The type eight has a basic fear of being harmed or controlled by others, and the basic desire of an eight is to protect themselves or be in control of their own life. Some examples of eights are Franklin D. Roosevelt, Winston Churchill, Martin Luther King Jr., Clint Eastwood, Frank Sinatra, Serena Williams, and even Dr. Phil McGraw—in my opinion, I’m in good company with these folks.
Additionally, you can probably see how easy it is, then, to draw a straight line from my ever-shifting military upbringing to the Enneagram type eight I just described.
Because life was so unpredictable for me as a high school kid, I now crave to be in control of my environment, and will (at times) do so intimidatingly when I feel threatened. Sometimes this is a bad thing, and I share my opinion quite forcibly with others, which can frighten or intimidate. Other times, however, this can be a great thing, because I adamantly defend what is true and fair.
For example, on the negative side, I remember getting really fired up and venting to my wife when a friend of mine had done something that (in my opinion) was selfish and unkind. I didn’t know the whole story, but I remember throwing my friend under the proverbial bus in front of my wife, casting him in a villainous all-bad light. As it turned out though, when I learned the details about my friend’s “selfish and unkind” actions and what was going on behind the scenes, I was partly wrong about my friend and the conclusion I came to because of what I inaccurately observed.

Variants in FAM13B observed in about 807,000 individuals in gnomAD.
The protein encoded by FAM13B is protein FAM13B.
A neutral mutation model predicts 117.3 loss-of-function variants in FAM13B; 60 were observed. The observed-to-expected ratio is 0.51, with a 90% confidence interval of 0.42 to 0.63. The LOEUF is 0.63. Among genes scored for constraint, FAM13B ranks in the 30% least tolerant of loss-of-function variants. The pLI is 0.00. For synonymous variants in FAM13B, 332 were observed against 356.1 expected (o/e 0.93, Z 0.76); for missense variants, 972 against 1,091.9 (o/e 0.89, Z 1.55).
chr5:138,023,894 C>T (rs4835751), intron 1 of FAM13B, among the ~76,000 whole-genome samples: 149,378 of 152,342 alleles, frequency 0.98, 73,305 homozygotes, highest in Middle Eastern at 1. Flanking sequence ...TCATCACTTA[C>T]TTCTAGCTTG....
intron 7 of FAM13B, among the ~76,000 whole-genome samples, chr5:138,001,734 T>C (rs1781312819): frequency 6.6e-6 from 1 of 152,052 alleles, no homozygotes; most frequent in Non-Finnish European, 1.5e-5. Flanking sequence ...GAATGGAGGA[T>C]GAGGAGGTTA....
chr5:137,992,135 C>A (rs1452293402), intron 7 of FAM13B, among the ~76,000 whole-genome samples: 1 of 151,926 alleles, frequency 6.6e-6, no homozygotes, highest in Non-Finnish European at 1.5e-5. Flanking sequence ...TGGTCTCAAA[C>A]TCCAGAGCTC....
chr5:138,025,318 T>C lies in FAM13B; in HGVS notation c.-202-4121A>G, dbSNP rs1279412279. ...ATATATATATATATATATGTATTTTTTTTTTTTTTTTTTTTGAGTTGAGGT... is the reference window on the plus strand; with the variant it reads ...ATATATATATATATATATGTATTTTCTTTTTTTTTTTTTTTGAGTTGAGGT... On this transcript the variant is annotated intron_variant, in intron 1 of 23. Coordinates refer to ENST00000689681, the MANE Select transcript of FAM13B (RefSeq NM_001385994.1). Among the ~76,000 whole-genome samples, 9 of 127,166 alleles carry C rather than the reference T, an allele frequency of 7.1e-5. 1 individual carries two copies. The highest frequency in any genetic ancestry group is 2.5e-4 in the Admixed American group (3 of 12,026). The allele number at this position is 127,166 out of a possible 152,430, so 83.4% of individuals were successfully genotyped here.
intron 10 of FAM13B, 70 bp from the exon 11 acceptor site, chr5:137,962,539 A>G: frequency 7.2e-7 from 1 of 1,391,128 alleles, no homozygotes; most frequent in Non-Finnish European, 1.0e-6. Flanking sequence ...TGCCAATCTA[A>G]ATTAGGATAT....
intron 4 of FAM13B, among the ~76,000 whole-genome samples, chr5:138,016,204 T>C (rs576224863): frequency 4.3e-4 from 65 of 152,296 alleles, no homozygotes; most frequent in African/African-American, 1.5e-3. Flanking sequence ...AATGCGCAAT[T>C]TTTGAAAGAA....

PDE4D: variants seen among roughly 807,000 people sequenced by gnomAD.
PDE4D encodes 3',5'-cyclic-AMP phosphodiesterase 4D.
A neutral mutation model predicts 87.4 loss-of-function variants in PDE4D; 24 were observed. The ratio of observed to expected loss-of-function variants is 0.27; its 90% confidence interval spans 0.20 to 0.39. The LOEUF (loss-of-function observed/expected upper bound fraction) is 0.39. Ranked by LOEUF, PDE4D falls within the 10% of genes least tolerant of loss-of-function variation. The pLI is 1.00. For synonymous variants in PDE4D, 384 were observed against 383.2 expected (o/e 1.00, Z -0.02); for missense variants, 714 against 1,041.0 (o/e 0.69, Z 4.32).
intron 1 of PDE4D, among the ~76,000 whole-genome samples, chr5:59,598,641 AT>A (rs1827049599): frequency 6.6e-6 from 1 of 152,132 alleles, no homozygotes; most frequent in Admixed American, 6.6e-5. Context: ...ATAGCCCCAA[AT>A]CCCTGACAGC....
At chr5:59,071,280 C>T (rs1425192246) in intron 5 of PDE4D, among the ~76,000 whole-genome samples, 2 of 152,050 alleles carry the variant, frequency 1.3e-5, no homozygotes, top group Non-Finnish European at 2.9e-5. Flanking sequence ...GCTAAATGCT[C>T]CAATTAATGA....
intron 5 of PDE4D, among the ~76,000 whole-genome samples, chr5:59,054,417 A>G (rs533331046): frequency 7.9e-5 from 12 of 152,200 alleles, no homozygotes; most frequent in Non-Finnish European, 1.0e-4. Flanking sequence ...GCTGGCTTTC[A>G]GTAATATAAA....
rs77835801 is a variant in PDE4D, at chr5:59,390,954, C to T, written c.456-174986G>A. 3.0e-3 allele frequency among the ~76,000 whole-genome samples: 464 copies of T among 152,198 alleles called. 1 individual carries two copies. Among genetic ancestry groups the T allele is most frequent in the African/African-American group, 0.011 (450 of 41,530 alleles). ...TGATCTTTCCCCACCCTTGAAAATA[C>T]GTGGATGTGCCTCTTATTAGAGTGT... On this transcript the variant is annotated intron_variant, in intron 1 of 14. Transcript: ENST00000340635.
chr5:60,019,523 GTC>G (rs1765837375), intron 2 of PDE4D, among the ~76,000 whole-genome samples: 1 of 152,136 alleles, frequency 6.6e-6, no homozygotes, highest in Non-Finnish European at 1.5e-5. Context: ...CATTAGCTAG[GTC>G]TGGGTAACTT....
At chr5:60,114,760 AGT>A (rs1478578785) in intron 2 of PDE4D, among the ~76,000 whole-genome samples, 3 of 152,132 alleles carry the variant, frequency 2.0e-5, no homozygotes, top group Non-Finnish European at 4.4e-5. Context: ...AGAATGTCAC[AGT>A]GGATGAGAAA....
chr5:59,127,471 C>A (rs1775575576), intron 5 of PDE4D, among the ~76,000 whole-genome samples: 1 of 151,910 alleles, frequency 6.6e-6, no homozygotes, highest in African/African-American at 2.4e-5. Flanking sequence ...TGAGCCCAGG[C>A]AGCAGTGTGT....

Type eight’s like me have a tendency to jump to strong conclusions when we sense oncoming harm or unfair situations, regardless of what the nuanced truth might be because we’re temperamental, and this can lead quite easily to sin.
On the more positive side, however, eights have a tendency to stand up for what is right and truthful in a forceful way when the situation calls for needed protection.